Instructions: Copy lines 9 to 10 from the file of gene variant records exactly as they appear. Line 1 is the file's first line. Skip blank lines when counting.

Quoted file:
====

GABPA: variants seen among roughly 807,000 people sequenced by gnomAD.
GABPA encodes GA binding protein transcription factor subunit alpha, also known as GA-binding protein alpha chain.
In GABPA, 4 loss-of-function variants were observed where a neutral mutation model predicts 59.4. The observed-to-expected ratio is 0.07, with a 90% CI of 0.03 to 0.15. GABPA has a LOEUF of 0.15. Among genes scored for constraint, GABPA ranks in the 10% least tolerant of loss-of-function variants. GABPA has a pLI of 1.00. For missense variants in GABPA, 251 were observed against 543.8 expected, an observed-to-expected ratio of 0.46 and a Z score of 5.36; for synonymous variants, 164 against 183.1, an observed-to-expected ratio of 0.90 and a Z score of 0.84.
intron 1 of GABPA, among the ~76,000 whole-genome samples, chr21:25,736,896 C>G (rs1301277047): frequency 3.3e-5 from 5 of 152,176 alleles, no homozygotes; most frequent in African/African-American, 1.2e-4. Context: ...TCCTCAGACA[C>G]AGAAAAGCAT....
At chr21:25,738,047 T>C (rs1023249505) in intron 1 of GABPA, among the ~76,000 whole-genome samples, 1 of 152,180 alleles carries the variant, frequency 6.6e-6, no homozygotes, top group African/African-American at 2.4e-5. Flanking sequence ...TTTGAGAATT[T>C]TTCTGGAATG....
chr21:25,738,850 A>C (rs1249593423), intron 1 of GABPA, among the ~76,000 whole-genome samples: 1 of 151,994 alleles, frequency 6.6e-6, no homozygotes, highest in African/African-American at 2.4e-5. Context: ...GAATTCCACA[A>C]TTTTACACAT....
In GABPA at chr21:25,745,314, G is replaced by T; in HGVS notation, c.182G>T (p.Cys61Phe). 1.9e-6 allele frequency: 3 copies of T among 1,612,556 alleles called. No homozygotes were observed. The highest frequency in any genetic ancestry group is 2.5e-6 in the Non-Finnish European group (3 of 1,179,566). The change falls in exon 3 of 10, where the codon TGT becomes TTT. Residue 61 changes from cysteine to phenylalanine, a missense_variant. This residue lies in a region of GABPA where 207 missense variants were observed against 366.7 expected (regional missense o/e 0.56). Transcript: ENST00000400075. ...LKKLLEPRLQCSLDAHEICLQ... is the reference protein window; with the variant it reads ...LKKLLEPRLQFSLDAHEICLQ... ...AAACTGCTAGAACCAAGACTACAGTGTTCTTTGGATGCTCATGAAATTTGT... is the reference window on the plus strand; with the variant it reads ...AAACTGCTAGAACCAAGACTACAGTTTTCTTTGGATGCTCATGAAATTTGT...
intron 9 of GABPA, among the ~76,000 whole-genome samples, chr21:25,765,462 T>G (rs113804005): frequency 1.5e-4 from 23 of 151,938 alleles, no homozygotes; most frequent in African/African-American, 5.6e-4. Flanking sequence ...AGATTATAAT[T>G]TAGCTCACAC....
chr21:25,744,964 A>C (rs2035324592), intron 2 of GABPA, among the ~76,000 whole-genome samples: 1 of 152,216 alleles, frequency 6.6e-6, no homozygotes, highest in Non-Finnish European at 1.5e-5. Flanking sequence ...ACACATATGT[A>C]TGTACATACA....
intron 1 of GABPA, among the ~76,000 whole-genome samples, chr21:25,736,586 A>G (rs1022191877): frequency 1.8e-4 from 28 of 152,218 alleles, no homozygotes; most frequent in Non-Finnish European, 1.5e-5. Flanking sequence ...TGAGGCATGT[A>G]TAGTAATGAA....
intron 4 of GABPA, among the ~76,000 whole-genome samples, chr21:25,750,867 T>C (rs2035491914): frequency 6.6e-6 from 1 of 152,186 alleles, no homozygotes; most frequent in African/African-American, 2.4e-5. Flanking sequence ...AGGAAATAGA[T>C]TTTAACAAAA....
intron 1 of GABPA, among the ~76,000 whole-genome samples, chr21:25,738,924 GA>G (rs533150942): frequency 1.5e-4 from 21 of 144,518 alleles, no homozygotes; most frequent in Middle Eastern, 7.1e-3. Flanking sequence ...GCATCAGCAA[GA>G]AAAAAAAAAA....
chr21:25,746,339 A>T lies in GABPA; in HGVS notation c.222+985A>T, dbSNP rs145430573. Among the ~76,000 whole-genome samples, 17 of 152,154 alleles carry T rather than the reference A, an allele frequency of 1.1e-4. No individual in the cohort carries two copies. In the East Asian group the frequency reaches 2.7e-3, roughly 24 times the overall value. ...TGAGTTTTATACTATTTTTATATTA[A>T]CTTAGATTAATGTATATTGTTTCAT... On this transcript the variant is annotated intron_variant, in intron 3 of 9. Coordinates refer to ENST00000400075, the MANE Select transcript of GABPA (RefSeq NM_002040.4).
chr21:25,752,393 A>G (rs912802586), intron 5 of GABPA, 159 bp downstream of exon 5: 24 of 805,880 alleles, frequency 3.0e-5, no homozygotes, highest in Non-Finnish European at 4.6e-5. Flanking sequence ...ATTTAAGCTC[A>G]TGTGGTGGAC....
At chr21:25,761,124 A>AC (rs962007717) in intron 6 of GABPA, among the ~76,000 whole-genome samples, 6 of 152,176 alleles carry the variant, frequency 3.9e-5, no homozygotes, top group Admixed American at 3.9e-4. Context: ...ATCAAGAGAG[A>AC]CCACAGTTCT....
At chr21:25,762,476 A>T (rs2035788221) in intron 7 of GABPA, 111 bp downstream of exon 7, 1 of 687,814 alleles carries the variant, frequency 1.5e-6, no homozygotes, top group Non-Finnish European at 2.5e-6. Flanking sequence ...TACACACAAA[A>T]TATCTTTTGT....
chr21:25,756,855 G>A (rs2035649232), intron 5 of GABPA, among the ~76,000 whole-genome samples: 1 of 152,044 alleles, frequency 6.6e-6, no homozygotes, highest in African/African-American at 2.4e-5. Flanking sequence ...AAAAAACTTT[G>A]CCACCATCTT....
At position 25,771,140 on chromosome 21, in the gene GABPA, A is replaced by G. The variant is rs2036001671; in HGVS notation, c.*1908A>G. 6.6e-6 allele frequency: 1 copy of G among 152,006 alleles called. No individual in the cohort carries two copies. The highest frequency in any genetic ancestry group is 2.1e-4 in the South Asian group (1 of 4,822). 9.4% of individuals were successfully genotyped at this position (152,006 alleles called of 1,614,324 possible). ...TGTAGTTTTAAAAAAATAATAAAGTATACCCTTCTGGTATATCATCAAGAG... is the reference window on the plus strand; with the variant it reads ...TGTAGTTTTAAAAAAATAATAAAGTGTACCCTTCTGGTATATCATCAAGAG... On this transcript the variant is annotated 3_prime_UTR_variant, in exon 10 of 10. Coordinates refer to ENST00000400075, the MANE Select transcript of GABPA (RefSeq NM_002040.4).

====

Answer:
chr21:25,744,964 A>C (rs2035324592), intron 2 of GABPA, among the ~76,000 whole-genome samples: 1 of 152,216 alleles, frequency 6.6e-6, no homozygotes, highest in Non-Finnish European at 1.5e-5. Flanking sequence ...ACACATATGT[A>C]TGTACATACA....
intron 1 of GABPA, among the ~76,000 whole-genome samples, chr21:25,736,586 A>G (rs1022191877): frequency 1.8e-4 from 28 of 152,218 alleles, no homozygotes; most frequent in Non-Finnish European, 1.5e-5. Flanking sequence ...TGAGGCATGT[A>G]TAGTAATGAA....